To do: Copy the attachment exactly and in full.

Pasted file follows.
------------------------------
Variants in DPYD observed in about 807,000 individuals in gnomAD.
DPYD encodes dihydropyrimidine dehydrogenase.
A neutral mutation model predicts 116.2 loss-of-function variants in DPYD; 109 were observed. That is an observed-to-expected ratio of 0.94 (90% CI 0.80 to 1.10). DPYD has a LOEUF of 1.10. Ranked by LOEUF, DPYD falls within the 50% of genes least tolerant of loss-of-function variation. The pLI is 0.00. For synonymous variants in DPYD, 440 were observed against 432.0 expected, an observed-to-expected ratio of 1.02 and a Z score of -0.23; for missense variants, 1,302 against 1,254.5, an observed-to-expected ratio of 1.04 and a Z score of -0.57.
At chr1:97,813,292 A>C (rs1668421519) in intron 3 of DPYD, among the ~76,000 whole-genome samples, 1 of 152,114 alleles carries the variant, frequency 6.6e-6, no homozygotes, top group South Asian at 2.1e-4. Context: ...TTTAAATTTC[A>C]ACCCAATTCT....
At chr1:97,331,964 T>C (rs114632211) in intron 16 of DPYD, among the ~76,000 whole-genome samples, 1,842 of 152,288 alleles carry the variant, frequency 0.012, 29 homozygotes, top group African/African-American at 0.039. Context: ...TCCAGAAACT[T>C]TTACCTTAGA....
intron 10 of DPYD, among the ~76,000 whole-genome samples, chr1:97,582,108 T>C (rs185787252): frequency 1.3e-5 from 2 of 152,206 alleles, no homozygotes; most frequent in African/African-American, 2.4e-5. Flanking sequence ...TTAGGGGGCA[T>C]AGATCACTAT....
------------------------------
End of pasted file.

Variants in DPYD observed in about 807,000 individuals in gnomAD.
DPYD encodes dihydropyrimidine dehydrogenase.
A neutral mutation model predicts 116.2 loss-of-function variants in DPYD; 109 were observed. That is an observed-to-expected ratio of 0.94 (90% CI 0.80 to 1.10). DPYD has a LOEUF of 1.10. Ranked by LOEUF, DPYD falls within the 50% of genes least tolerant of loss-of-function variation. The pLI is 0.00. For synonymous variants in DPYD, 440 were observed against 432.0 expected, an observed-to-expected ratio of 1.02 and a Z score of -0.23; for missense variants, 1,302 against 1,254.5, an observed-to-expected ratio of 1.04 and a Z score of -0.57.
At chr1:97,813,292 A>C (rs1668421519) in intron 3 of DPYD, among the ~76,000 whole-genome samples, 1 of 152,114 alleles carries the variant, frequency 6.6e-6, no homozygotes, top group South Asian at 2.1e-4. Context: ...TTTAAATTTC[A>C]ACCCAATTCT....
At chr1:97,331,964 T>C (rs114632211) in intron 16 of DPYD, among the ~76,000 whole-genome samples, 1,842 of 152,288 alleles carry the variant, frequency 0.012, 29 homozygotes, top group African/African-American at 0.039. Context: ...TCCAGAAACT[T>C]TTACCTTAGA....
intron 10 of DPYD, among the ~76,000 whole-genome samples, chr1:97,582,108 T>C (rs185787252): frequency 1.3e-5 from 2 of 152,206 alleles, no homozygotes; most frequent in African/African-American, 2.4e-5. Flanking sequence ...TTAGGGGGCA[T>C]AGATCACTAT....